Archive for the 'action' Category

A note on Sopa/Pipa

Wednesday, January 18th, 2012

We all know most of the decisions made in the U.S. congress have a direct impact on the rest of the world. Even though most of our countries suffer from some degree of internet censorship, and some people might suggest that we should protest our own disastrous legislations first, the state of the internet in the United States is something we all use to our advantage, something worth protecting, and a good-enough example to look after for some. Perhaps it’s time for the world to take a stand and USE THE INTERNET to tell the U.S. congress that people everywhere have something to say about the decisions they make, like for example, that SOPA/PIPA belongs in the toilet.

I am not going to black out my site because, honestly, I don’t think anybody will care, but in case you happen to see this today (or any other day), I leave you here in the hands of Science Fiction superstar Cory Doctorow, delivering a keynote where he paints a pretty good picture about the current state of things. Additionaly, the Electronic Frontier Foundation has more information on this and other issues central to your freedom online.

Update: The same Cory Doctorow just posted another video on boingboing, where the Khan Academy explains the implications for legitimate sites in a world where SOPA/PIPA is law.

Update Two: Clay Shirky’s take on SOPA/PIPA “Get ready because more is coming”:

Gira Telmexhub

Wednesday, August 10th, 2011


Photo by @carrerajj

Last weekend, @paseusted invited me to take part as a speaker in a new technology event called Gira Telmexhub. The first round of conferences took place in the city of Puebla, where I joined an interesting group of people to exchange ideas about technology, creativity, and all kinds of social issues. A couple of projects that called my attention were basetrack.org presented by @terukugayama, and publiclaboratory.org presented by @321adam.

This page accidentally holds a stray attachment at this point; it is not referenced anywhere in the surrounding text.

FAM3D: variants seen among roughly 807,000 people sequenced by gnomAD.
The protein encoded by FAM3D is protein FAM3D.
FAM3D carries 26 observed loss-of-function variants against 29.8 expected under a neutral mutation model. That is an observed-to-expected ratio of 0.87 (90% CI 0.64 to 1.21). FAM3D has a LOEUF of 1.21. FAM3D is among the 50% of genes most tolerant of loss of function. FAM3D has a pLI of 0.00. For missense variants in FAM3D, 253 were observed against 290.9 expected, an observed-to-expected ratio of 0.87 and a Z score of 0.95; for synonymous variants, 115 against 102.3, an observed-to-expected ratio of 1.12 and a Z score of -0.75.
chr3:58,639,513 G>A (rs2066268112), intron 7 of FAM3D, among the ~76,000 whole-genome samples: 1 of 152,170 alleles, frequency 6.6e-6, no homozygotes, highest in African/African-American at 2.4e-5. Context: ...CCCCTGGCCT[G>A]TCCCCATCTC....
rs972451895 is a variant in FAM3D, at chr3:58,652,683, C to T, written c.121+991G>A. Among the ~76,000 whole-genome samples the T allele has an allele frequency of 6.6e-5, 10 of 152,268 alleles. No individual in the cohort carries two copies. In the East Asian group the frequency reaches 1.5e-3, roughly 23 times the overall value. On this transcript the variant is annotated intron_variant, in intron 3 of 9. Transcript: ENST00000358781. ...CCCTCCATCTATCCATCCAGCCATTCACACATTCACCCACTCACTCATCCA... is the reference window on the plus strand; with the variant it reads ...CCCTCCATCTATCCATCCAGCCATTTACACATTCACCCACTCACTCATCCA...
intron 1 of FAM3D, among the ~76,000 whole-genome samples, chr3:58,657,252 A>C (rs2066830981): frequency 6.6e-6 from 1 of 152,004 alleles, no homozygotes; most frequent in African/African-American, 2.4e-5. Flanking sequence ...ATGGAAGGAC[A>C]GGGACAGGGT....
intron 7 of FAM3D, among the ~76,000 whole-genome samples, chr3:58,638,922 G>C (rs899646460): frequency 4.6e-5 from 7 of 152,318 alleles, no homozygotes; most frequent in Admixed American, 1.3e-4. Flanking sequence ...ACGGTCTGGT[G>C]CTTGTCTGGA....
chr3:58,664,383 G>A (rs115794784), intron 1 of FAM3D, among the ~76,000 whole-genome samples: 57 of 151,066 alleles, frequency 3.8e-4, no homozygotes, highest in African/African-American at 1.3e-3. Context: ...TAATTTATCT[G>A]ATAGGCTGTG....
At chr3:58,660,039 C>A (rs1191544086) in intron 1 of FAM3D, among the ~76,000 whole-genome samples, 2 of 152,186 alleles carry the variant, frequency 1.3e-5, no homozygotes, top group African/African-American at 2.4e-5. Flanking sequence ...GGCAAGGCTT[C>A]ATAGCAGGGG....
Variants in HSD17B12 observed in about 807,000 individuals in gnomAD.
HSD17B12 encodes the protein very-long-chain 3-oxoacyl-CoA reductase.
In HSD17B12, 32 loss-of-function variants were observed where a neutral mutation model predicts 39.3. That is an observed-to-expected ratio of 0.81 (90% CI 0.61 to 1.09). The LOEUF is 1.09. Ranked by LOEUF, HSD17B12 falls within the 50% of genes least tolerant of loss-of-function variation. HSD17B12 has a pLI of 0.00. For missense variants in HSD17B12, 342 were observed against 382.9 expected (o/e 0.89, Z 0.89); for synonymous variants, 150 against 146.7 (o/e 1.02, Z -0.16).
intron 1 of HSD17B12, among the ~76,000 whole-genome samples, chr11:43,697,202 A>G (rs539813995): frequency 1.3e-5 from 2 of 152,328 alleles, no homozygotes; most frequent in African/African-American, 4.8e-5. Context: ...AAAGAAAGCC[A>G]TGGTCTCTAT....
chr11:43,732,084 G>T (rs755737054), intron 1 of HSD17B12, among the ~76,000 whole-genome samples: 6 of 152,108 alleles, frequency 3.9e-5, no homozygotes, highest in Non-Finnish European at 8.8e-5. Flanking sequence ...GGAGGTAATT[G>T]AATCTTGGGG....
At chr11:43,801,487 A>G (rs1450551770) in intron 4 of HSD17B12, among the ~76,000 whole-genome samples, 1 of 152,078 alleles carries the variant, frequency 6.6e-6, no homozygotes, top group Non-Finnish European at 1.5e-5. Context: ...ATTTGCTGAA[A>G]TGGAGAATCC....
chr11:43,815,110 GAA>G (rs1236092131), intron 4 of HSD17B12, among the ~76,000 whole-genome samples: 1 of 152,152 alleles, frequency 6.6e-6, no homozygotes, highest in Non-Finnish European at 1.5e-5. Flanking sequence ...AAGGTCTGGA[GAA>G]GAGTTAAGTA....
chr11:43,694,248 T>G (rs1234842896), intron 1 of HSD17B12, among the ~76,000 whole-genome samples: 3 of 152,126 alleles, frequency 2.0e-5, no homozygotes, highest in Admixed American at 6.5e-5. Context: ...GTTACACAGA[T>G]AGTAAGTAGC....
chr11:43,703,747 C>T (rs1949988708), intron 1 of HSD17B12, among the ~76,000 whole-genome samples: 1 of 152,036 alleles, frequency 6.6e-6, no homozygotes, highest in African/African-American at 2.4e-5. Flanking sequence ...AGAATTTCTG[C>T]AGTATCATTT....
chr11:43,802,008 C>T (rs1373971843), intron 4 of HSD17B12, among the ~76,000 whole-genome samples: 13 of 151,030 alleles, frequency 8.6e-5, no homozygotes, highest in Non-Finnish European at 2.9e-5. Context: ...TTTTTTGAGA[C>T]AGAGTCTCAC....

I used my time on stage to tell the story about my days in the MIT Media Lab, how I got there (thank you G), who I worked with, what I learned and achieved, and how this experience helped me reshape my ideas about art and technology. Some time later, I uploaded a PDF of my slides, following a request to share them I got from a member of the audience on twitter.

Human Interference Project

Saturday, July 16th, 2011

As a continuation of mi recent exploration of Western-European Participatory Rule-based Art Systems, I just contributed with a drawing to the Human Interference Project, a tribute to Jean Tinguely’s Métamatics organized by the Métamatic Research Initiative.

As the project website describes, the drawings should be created based on these rules:

 Use a white A4 sheet and a ballpoint pen.
 Draw a closed shape on the paper.
 Repeat the shape inside the original shape until there is no space left at its centre.
 Repeat the shape outside the original shape until it touches one side of the paper.
 Choose the distance so that you can make at least 50 iterations on the paper.
 Try to repeat each iteration in exactly the same way.
 Sign the drawing in its upper right corner in landscape format.

Note the semantic difference between “based” and “following” when you substitute the former with the latter. It is the difference between suggestion and command, and in this case it gives the participants a lot of room for interpretation. Most participants——myself included——chose to draw around the original shape both inside and outside. But that makes it hard——if not impossible——to keep the further iterations faithful to the original shape. Even though it is easier to draw instances of the same shape if you don’t have to wrap them around the original, only two participants have chosen to do that so far, and it is interesting that both of them used triangles.